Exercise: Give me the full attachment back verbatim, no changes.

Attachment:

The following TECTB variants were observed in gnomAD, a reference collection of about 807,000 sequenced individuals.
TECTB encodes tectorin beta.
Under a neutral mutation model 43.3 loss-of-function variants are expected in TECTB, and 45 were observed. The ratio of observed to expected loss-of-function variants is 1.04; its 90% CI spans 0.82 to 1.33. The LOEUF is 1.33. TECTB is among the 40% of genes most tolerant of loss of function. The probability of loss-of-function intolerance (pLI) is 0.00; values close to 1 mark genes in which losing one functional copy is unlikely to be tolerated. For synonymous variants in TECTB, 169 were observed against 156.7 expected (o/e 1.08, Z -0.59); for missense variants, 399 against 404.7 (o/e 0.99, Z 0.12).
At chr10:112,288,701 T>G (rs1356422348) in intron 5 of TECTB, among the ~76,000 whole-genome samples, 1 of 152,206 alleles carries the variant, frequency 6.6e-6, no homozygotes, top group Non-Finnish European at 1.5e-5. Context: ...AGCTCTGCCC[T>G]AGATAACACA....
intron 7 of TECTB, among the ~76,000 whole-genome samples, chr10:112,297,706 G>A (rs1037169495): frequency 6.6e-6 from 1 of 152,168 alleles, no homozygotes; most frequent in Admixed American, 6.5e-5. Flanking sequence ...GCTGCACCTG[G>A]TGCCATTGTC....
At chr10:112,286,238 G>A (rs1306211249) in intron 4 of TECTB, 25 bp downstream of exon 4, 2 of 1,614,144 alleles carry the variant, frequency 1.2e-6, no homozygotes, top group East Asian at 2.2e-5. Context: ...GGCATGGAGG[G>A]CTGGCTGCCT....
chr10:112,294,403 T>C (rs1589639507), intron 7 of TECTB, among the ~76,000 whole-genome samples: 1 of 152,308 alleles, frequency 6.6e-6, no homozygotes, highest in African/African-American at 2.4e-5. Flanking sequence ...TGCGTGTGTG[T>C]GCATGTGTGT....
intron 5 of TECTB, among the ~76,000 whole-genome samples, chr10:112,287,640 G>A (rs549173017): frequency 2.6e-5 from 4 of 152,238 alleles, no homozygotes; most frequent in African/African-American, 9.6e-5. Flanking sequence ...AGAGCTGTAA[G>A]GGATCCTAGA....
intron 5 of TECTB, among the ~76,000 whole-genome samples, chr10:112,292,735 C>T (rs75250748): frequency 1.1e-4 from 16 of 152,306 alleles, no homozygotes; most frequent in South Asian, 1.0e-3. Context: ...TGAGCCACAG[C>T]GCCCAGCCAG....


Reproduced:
The following TECTB variants were observed in gnomAD, a reference collection of about 807,000 sequenced individuals.
TECTB encodes tectorin beta.
Under a neutral mutation model 43.3 loss-of-function variants are expected in TECTB, and 45 were observed. The ratio of observed to expected loss-of-function variants is 1.04; its 90% CI spans 0.82 to 1.33. The LOEUF is 1.33. TECTB is among the 40% of genes most tolerant of loss of function. The probability of loss-of-function intolerance (pLI) is 0.00; values close to 1 mark genes in which losing one functional copy is unlikely to be tolerated. For synonymous variants in TECTB, 169 were observed against 156.7 expected (o/e 1.08, Z -0.59); for missense variants, 399 against 404.7 (o/e 0.99, Z 0.12).
At chr10:112,288,701 T>G (rs1356422348) in intron 5 of TECTB, among the ~76,000 whole-genome samples, 1 of 152,206 alleles carries the variant, frequency 6.6e-6, no homozygotes, top group Non-Finnish European at 1.5e-5. Context: ...AGCTCTGCCC[T>G]AGATAACACA....
intron 7 of TECTB, among the ~76,000 whole-genome samples, chr10:112,297,706 G>A (rs1037169495): frequency 6.6e-6 from 1 of 152,168 alleles, no homozygotes; most frequent in Admixed American, 6.5e-5. Flanking sequence ...GCTGCACCTG[G>A]TGCCATTGTC....
At chr10:112,286,238 G>A (rs1306211249) in intron 4 of TECTB, 25 bp downstream of exon 4, 2 of 1,614,144 alleles carry the variant, frequency 1.2e-6, no homozygotes, top group East Asian at 2.2e-5. Context: ...GGCATGGAGG[G>A]CTGGCTGCCT....
chr10:112,294,403 T>C (rs1589639507), intron 7 of TECTB, among the ~76,000 whole-genome samples: 1 of 152,308 alleles, frequency 6.6e-6, no homozygotes, highest in African/African-American at 2.4e-5. Flanking sequence ...TGCGTGTGTG[T>C]GCATGTGTGT....
intron 5 of TECTB, among the ~76,000 whole-genome samples, chr10:112,287,640 G>A (rs549173017): frequency 2.6e-5 from 4 of 152,238 alleles, no homozygotes; most frequent in African/African-American, 9.6e-5. Flanking sequence ...AGAGCTGTAA[G>A]GGATCCTAGA....
intron 5 of TECTB, among the ~76,000 whole-genome samples, chr10:112,292,735 C>T (rs75250748): frequency 1.1e-4 from 16 of 152,306 alleles, no homozygotes; most frequent in South Asian, 1.0e-3. Context: ...TGAGCCACAG[C>T]GCCCAGCCAG....